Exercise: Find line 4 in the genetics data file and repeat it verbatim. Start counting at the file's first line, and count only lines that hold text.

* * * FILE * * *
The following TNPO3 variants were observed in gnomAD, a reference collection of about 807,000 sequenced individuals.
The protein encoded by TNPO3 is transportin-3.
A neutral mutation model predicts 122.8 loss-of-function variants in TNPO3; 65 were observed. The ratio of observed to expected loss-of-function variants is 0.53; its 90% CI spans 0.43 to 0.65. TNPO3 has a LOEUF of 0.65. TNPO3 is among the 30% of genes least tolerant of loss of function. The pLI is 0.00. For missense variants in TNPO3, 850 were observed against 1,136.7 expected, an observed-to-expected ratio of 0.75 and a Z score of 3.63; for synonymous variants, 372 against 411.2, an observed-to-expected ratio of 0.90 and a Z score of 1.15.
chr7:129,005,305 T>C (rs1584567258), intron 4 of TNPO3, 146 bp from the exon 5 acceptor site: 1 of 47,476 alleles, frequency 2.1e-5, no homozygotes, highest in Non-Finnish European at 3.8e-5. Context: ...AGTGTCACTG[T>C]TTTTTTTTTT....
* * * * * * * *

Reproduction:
chr7:129,005,305 T>C (rs1584567258), intron 4 of TNPO3, 146 bp from the exon 5 acceptor site: 1 of 47,476 alleles, frequency 2.1e-5, no homozygotes, highest in Non-Finnish European at 3.8e-5. Context: ...AGTGTCACTG[T>C]TTTTTTTTTT....